Grams, Martin, and Patrik Wikstrom. The Alfred Hitchcock Presents Companion. Churchville, MD: OTR Pub., 2001. Print.

IMDb. IMDb.com, n.d. Web. 07 Aug. 2012. <http://www.imdb.com/>.

"Shopping for Death." Alfred Hitchcock Presents. CBS. 29 Jan. 1956. Television.

Wikipedia. Wikimedia Foundation, n.d. Web. 07 Aug. 2012. <http://www.wikipedia.org/>.

6 comments:

Phil said...

An excellent article on Bradbury's first, and modest, Hitchcock episode. I suppose the best remembered Bradbury Hitchcock was "The Jar" (Alfred Hitchcock Hour), but that wasn't scripted by Bradbury himself.

There's a persistent myth that Bradbury cannot be adapted well for film or TV, and a second persistent myth that Bradbury was no good as a screenwriter because he couldn't write believable dialogue. These Hitchcocks disprove both myths:

The secret to adapting Bradbury is to choose an APPROPRIATE Bradbury, something that relies on drama and character rather than concept or visual metaphor.

Bradbury's screen dialogue is perfectly good. Those who say his dialogue is unbelievable (Rod Serling made this claim, and so have many others) have based the judgment not on Bradbury's screen dialogue but on the dialogues in his prose fiction.

Thanks, Jack, for an informative article. I look forward to seeing some more of these. I've been trying to do something similar on my own Bradbury-themed website, but ran out of steam as far as reviews are concerned a couple of years back.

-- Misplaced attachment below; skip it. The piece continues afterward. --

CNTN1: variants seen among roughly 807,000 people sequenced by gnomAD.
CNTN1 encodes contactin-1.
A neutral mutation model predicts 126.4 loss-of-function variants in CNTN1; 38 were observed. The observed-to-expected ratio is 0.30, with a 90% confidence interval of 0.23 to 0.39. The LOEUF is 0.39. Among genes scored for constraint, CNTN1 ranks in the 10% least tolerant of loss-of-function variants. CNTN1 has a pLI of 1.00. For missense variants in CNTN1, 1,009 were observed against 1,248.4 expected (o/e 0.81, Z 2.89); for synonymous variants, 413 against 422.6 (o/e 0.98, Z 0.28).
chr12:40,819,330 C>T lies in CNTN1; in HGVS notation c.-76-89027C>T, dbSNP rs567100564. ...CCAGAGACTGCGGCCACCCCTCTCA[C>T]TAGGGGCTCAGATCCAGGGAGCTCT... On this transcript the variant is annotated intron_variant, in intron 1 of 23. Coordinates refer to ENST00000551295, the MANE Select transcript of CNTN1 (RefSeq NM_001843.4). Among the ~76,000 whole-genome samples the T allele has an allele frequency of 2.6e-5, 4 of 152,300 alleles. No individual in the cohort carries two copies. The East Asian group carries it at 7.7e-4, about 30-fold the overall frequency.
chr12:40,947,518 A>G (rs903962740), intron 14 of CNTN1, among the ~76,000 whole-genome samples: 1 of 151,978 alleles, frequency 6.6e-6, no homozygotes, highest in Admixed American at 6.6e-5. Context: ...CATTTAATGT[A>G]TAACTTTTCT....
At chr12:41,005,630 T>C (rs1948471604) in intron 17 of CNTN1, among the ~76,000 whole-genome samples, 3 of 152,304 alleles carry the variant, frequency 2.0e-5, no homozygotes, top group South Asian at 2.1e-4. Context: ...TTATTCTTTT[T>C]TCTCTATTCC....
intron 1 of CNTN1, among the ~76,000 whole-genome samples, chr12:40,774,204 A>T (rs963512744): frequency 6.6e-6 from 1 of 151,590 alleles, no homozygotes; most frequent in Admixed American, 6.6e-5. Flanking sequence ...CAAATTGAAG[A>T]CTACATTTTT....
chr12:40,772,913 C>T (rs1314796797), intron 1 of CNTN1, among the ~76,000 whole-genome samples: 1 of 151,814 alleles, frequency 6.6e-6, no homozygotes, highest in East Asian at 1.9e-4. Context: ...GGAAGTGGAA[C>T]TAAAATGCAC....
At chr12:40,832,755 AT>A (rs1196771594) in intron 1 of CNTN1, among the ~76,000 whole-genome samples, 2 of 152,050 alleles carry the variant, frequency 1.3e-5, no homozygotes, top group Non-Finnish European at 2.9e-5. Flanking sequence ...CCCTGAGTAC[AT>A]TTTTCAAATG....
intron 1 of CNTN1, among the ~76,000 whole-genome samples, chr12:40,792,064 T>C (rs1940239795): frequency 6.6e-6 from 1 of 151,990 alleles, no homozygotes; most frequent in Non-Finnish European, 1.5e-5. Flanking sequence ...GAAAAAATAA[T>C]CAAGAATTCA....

- Phil Nichols

Matthew Bradley said...

Jack, I realize I'm not exactly stingy with my superlatives, but this really is outstanding. I don't remember this one from the research I did for my interview with Ray, although as I read your vivid description of the story and the show, it does sound somewhat familiar. Your eye for detail and effective touches in the filmed version is impressive, as is your sensitivity to the differences between the two versions. This series promises to be worthy of our late, great national treasure.

Jack Seabrook said...

Phil: Thanks for your comment. As you'll see if you poke around this blog, I'm reviewing the Hitchcock shows by theme and have so far done Fredric Brown, Robert Bloch and William Shatner. At one every two weeks, I should finish around, say, 2022!

Matthew: Thanks for your kind remarks as well. I enjoyed this episode but really can't wait to get to "The Jar"!

Trevor H. said...

I enjoy the Youtube full presentations; this was my show tonight. The frazzled lady at the core of the story is excellently portrayed, the spine of the whole production. There is a real sense of heat and sweat, grime and frustrated tension in that apartment, enhanced by the grainy monochrome of the era. The old boys are benign, but their mission is futile. Perhaps the moral is that we all write our own life script. And nobody listens to "good advice" when it goes against that script. Well, with advice, demand exceeds supply! Unlike later Hitchcocks, this is not about a clever plot twist - the story arc's strength is its very predictability and sadly inevitable denouement.

Jack Seabrook said...

Thanks for reading, Trevor--your comments are on target.

sarah lee said...

I really enjoyed reading your article. I found this as an informative and interesting post, so i think it is very useful and knowledgeable. I would like to thank you for the effort you have made in writing this article.